Kuwait’s Emir Nawaf al-Ahmad al-Sabah launches amnesty process for dissidents

Kuwait’s new Emir Nawaf al-Ahmad al-Sabah gestures as he takes the oath of office at the parliament, in Kuwait City, Kuwait.

Kuwait’s ruling emir on Wednesday paved the way for an amnesty to pardon dissidents, which has been a major condition of opposition lawmakers to end a months-long standoff with the appointed government that has held up planned fiscal reforms.

Emir Sheikh Nawaf al-Ahmad al-Sabah tasked the parliament speaker, the prime minister and the head of the supreme judicial council to recommend the conditions and terms of the amnesty ahead of it being issued by decree, Sheikh Nawaf’s office said.

The statement by the emir’s office said the amnesty would cover “some Kuwaitis sentenced in past cases” but gave no further details. It said some 40 MPs had called for the amnesty.

The stand-off between the government and the elected parliament had paralysed legislative work, hindering efforts to boost state finances and enact measures including a debt law making it possible to tap global markets, a government priority.

Although Kuwait does not permit political parties, it has given its legislature more influence than similar bodies in other Gulf monarchies, including the power to pass and block laws, question ministers and submit no-confidence votes against senior government officials.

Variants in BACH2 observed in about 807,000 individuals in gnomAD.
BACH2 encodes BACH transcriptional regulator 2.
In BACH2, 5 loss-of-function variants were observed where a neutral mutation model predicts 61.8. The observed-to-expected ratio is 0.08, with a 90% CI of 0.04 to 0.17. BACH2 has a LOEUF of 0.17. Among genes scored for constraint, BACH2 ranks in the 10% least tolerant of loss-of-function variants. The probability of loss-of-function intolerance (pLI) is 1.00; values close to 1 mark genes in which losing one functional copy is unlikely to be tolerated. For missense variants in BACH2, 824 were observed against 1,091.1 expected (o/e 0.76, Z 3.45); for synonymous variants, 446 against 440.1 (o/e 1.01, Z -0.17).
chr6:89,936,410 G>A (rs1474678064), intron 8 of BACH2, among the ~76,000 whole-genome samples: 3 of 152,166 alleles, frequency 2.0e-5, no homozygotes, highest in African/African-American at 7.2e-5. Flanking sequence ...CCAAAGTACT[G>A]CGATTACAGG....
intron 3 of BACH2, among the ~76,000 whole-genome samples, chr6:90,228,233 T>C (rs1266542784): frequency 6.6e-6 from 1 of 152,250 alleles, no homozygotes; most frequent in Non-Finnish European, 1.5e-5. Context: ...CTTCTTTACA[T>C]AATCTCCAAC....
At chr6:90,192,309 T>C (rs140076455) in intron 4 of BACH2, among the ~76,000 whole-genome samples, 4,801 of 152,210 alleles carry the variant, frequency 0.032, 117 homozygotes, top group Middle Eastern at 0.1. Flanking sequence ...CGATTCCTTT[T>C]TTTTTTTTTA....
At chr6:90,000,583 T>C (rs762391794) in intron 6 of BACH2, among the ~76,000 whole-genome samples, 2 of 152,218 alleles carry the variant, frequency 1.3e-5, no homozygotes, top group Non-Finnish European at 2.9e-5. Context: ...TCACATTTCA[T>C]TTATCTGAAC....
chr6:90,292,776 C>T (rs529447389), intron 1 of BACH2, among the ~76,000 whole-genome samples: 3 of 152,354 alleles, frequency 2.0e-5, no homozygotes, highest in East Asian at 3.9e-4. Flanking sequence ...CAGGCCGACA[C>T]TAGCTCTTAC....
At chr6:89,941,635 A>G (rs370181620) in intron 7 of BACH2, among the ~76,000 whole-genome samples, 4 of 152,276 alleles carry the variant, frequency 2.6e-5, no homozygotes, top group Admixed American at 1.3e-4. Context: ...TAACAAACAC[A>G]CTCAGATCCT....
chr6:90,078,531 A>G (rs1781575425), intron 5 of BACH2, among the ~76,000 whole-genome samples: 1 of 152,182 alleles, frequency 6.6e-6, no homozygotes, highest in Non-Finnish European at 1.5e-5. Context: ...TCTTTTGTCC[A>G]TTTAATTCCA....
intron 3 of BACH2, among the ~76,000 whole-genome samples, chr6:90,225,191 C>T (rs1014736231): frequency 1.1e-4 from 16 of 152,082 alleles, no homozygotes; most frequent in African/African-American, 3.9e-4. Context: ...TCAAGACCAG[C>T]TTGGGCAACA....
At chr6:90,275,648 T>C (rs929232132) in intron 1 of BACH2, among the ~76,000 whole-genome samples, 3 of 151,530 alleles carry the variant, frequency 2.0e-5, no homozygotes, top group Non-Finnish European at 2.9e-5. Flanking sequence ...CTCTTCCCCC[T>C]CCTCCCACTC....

That gives citizens more say over how the country is run than in neighbouring autocracies, though the emir has final say in state matters. But deadlocks between the cabinet and assembly have over decades led to government reshuffles and dissolutions of parliament, hampering investment and reform.

The statement said the emir decided to use his constitutional right to issue amnesties, following talks between the government and parliament to enhance “political stability” and cooperation between the executive and legislative branches.

Dissidents in self-imposed exile include former lawmakers who took part in a 2011 storming of parliament over alleged government graft and mismanagement, and other Kuwaitis who openly criticized the emir — a jailable offence — or other Gulf rulers.

“This provides a glimmer of hope for cooperation,” opposition MP Muhannad Al-Sayer said.

He voiced hope the government would also take into account another key opposition demand that Prime Minister Sheikh Sabah al-Khalid al-Sabah accept to be questioned in parliament, which returns from summer break on October 26.

Several lawmakers have questioned the constitutionality of a motion passed in March delaying any questioning of the premier until the end of 2022. MPs have submitted motions to question Sheikh Sabah on several issues including the handling of the coronavirus pandemic and corruption.

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